However Arnstein's (1969) model is highly simplified and has faced much critique (Burns et al., 1994). Furthermore, high levels of citizen power are not always achievable or appropriate; as Dinham (2005) suggests, little is understood about how this works in practice. Other models have since emerged such as Burns et al.'s (1994) single ladder of citizen empowerment. The most significant step since Arnstein is Davidson's (1998) ‘wheel of participation', comprising information, consultation, participation and empowerment. Rather than a linear ‘ladder', the wheel is more holistic to improve community involvement technique. Each model provides a useful framework for assessing public participation in urban redevelopment policy. Moughtin (1992) in particular draws on Arnstein's work arguing that the public is central to the study of urban design, and that active public participation is highly important. Much of the literature is highly theoretical; no studies could be found that actually research how the public participate in the planning and production of public space.

2.6 Conclusion

The policy context for the ‘urban renaissance' suggests cities should revitalise their urban environment through urban regeneration policy, particular policy that that improves public space provision. The literature demonstrates how the production of public space has emerged as a new policy tool to improve the urban environment, with an underlying drive for the image and design of the city. However, beyond these factors, there appears to be little covering the relationship between public space and the public. The materiality of public squares can often mask the principles behind its production by focusing the eye on its aesthetic representation, rather than the real reasons underpinning its production. Furthermore it has been identified that public space research tends to focus mainly on the urban planning discourse from the policy perspective, rather than the social perspective. It seems the capacity of the public to voice their ideas and perception is regularly constrained in the discursive field. This study proposes to target the rhetoric of public perception, a dimension that is advocated (Lynch, 1961; Moughtin, 2003), but often overlooked.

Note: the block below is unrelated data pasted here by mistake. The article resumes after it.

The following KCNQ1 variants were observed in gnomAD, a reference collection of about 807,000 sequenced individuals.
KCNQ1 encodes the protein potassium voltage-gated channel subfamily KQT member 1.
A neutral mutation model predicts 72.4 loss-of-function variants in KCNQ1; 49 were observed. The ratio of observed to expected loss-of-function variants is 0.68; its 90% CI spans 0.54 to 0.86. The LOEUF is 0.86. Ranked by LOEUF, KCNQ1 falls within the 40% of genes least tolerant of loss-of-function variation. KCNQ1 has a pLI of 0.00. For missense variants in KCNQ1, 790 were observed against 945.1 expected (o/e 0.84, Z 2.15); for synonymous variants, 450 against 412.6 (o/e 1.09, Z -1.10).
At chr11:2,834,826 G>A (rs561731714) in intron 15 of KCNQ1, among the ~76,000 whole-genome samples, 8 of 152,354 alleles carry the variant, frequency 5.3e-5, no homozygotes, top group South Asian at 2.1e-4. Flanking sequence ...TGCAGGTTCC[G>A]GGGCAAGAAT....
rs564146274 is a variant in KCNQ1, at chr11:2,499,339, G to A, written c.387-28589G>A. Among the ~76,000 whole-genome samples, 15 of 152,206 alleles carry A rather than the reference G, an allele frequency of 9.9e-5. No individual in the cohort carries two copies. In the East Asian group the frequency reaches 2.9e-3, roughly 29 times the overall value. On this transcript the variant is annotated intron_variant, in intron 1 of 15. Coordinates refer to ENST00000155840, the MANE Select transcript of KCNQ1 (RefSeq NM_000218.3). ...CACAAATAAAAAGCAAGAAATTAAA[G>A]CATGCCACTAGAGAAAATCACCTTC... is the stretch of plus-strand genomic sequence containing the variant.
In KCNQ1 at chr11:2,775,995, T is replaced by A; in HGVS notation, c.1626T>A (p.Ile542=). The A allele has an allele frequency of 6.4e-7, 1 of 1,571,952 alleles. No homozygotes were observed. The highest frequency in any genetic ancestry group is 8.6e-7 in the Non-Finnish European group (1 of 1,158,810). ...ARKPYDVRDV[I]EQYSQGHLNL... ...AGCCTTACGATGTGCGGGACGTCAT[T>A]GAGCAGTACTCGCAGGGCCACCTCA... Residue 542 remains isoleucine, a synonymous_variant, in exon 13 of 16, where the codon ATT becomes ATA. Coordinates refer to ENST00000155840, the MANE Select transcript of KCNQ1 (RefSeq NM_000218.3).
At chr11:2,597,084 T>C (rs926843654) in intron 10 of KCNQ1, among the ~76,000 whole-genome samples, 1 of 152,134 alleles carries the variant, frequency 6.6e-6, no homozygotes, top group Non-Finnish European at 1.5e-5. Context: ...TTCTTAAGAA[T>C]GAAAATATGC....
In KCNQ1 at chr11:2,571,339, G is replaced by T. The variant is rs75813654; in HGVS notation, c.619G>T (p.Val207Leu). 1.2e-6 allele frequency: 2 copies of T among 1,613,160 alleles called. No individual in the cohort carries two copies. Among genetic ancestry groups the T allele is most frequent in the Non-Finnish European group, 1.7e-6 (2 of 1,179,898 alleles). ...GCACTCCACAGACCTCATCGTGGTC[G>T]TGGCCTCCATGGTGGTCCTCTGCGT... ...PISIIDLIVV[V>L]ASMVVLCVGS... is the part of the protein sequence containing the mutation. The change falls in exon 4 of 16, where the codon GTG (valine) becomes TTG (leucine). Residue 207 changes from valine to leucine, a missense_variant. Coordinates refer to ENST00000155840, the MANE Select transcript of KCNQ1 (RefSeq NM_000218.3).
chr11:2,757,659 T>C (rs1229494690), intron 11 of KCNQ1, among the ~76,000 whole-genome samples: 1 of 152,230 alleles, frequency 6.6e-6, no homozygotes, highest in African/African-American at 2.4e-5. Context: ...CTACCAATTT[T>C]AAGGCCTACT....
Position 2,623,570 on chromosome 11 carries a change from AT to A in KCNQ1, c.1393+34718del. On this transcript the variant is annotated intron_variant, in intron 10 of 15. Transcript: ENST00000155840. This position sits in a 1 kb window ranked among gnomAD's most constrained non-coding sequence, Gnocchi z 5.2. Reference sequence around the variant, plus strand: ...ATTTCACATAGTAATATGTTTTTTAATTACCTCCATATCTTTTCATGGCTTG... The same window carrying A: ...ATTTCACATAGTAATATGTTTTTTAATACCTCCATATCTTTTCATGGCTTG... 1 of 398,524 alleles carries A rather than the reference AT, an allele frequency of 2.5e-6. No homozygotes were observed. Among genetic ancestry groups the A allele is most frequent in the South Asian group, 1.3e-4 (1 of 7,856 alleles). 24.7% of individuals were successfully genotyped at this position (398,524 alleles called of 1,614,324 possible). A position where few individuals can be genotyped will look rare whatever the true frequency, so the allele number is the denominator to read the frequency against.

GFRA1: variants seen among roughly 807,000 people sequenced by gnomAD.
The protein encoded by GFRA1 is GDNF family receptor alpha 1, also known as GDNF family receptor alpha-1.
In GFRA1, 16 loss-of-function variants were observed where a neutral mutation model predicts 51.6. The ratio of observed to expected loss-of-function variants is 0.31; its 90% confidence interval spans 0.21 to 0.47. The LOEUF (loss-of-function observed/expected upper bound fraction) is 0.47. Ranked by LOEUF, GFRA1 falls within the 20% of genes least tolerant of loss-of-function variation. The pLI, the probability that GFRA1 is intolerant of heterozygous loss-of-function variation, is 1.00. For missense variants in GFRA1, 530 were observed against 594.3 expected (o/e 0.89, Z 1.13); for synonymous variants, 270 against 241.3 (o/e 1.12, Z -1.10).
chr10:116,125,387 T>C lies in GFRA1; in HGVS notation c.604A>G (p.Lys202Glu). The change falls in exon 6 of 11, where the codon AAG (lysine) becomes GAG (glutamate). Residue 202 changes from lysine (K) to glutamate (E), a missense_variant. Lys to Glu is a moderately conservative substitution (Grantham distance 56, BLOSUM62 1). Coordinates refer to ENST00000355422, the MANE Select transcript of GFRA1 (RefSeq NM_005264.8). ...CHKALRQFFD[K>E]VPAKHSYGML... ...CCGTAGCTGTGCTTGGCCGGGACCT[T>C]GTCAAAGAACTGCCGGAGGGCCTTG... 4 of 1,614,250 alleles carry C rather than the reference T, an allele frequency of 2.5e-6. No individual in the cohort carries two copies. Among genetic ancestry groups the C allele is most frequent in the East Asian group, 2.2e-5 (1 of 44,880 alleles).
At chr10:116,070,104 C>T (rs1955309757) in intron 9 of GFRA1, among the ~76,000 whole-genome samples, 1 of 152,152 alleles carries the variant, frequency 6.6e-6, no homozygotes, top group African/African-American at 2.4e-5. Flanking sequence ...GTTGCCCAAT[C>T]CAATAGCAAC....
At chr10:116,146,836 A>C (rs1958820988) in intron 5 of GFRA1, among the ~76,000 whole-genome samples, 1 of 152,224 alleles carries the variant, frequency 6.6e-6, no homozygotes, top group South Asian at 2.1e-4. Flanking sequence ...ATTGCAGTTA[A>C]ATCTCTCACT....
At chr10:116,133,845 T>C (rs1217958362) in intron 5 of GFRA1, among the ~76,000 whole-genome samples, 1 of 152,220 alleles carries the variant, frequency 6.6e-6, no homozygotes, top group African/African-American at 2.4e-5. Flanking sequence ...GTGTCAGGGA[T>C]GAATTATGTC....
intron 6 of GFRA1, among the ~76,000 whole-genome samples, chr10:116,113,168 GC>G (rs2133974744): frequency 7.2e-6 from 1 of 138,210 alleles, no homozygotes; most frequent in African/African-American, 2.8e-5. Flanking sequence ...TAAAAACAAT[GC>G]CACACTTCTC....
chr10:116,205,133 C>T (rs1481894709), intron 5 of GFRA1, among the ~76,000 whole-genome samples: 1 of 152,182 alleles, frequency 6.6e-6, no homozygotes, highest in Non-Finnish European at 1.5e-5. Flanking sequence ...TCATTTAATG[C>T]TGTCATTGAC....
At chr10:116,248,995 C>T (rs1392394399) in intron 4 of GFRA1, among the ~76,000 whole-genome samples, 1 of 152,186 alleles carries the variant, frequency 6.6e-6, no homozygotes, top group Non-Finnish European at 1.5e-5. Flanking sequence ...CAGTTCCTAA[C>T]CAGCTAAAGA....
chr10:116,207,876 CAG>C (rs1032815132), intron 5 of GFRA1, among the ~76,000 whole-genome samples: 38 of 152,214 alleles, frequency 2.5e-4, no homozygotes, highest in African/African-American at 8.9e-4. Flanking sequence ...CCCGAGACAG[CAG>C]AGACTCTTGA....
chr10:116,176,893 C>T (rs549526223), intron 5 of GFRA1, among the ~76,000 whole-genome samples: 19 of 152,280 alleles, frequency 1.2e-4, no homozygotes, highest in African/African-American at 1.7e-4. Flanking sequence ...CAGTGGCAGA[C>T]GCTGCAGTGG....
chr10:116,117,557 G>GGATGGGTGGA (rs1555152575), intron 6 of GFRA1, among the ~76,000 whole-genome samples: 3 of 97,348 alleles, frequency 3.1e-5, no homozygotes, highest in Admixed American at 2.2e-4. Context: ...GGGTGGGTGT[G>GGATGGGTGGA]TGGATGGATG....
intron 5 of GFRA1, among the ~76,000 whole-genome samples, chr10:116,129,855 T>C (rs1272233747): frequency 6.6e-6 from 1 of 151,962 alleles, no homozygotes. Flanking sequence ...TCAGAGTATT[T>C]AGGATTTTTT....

Z. Avery Chapter three: methodological framework

Chapter 3: Methodological framework and research design

This chapter explains and justifies the research methods employed, outlining the conceptual framework to the research design. Full details of the data collection procedures are provided, together with the methodological limitations and ethical considerations surrounding each method of research.